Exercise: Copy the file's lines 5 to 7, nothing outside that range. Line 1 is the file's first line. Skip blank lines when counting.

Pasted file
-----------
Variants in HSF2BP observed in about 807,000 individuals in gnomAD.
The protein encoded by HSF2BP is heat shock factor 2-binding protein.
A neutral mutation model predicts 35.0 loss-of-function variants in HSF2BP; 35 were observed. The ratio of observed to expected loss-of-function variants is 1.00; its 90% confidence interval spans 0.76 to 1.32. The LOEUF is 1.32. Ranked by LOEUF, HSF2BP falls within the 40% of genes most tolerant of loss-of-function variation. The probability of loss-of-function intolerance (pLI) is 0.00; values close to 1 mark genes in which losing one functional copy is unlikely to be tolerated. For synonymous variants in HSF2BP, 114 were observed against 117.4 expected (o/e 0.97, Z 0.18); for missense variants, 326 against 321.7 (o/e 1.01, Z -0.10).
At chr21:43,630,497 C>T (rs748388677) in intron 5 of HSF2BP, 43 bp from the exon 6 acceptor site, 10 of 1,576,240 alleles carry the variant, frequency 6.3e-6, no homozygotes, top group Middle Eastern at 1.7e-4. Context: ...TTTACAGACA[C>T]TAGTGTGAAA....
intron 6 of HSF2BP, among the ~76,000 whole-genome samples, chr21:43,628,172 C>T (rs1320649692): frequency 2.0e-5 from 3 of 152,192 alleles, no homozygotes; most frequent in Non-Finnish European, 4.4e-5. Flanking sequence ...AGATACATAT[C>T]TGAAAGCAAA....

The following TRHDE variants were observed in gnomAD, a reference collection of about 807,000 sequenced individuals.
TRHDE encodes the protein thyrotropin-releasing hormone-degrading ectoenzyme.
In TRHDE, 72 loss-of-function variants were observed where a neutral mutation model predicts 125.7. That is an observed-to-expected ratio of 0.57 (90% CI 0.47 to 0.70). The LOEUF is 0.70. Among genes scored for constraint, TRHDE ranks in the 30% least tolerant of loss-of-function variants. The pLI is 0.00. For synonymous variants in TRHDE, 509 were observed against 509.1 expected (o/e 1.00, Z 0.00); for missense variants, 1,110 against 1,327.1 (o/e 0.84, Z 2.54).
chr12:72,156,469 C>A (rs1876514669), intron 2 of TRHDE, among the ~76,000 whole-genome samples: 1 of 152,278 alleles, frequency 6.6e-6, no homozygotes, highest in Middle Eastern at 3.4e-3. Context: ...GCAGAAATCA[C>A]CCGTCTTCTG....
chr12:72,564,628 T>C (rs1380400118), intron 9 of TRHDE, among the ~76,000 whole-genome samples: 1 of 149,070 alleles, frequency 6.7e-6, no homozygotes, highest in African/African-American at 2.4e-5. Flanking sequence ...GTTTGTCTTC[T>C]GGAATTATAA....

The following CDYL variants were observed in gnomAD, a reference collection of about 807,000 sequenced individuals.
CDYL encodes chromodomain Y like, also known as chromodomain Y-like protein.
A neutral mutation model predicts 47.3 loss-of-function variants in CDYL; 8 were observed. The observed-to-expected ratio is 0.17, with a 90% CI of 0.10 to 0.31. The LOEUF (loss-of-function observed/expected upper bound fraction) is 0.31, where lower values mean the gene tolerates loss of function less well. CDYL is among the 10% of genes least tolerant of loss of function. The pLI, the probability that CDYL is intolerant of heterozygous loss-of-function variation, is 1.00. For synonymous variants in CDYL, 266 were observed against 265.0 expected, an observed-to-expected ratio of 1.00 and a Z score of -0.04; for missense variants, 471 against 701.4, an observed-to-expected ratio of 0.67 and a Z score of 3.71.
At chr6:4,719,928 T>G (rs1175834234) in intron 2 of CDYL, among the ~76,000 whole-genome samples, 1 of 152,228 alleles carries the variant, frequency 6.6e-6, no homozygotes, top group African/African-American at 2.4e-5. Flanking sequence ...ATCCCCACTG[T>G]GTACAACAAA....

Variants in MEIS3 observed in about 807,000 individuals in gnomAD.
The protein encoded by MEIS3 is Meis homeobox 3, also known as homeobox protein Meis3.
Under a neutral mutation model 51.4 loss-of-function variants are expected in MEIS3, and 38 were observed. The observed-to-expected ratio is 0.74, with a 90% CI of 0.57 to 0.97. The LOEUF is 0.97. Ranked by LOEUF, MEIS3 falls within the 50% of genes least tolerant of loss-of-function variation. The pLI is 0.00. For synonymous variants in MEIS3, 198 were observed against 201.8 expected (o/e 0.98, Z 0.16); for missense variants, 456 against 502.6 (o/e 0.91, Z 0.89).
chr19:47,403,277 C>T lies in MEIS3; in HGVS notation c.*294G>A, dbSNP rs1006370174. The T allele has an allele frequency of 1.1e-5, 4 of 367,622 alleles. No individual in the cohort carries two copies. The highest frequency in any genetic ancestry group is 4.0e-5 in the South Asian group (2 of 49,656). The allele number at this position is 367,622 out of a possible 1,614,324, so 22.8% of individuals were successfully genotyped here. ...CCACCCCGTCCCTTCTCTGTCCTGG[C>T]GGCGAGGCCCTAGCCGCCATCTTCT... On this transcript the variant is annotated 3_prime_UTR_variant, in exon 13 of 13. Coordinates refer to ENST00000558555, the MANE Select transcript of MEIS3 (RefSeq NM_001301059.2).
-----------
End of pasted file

intron 6 of HSF2BP, among the ~76,000 whole-genome samples, chr21:43,628,172 C>T (rs1320649692): frequency 2.0e-5 from 3 of 152,192 alleles, no homozygotes; most frequent in Non-Finnish European, 4.4e-5. Flanking sequence ...AGATACATAT[C>T]TGAAAGCAAA....

The following TRHDE variants were observed in gnomAD, a reference collection of about 807,000 sequenced individuals.
TRHDE encodes the protein thyrotropin-releasing hormone-degrading ectoenzyme.